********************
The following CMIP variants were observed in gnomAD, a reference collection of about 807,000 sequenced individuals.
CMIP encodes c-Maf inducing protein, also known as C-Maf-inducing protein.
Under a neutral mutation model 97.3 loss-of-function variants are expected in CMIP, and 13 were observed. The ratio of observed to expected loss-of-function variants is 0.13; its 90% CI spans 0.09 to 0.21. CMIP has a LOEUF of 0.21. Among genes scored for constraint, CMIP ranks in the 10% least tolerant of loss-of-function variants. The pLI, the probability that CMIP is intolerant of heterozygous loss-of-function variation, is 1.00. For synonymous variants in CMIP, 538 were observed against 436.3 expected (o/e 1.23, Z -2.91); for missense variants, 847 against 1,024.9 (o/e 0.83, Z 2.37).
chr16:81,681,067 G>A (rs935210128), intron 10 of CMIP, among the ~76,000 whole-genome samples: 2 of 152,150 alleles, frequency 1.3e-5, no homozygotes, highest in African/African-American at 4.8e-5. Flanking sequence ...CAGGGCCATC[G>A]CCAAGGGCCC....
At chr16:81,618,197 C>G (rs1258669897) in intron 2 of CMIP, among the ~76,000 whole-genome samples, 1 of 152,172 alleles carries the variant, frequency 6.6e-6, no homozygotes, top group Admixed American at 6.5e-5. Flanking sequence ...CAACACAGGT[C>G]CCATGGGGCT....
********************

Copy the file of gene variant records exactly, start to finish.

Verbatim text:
The following CMIP variants were observed in gnomAD, a reference collection of about 807,000 sequenced individuals.
CMIP encodes c-Maf inducing protein, also known as C-Maf-inducing protein.
Under a neutral mutation model 97.3 loss-of-function variants are expected in CMIP, and 13 were observed. The ratio of observed to expected loss-of-function variants is 0.13; its 90% CI spans 0.09 to 0.21. CMIP has a LOEUF of 0.21. Among genes scored for constraint, CMIP ranks in the 10% least tolerant of loss-of-function variants. The pLI, the probability that CMIP is intolerant of heterozygous loss-of-function variation, is 1.00. For synonymous variants in CMIP, 538 were observed against 436.3 expected (o/e 1.23, Z -2.91); for missense variants, 847 against 1,024.9 (o/e 0.83, Z 2.37).
chr16:81,681,067 G>A (rs935210128), intron 10 of CMIP, among the ~76,000 whole-genome samples: 2 of 152,150 alleles, frequency 1.3e-5, no homozygotes, highest in African/African-American at 4.8e-5. Flanking sequence ...CAGGGCCATC[G>A]CCAAGGGCCC....
At chr16:81,618,197 C>G (rs1258669897) in intron 2 of CMIP, among the ~76,000 whole-genome samples, 1 of 152,172 alleles carries the variant, frequency 6.6e-6, no homozygotes, top group Admixed American at 6.5e-5. Flanking sequence ...CAACACAGGT[C>G]CCATGGGGCT....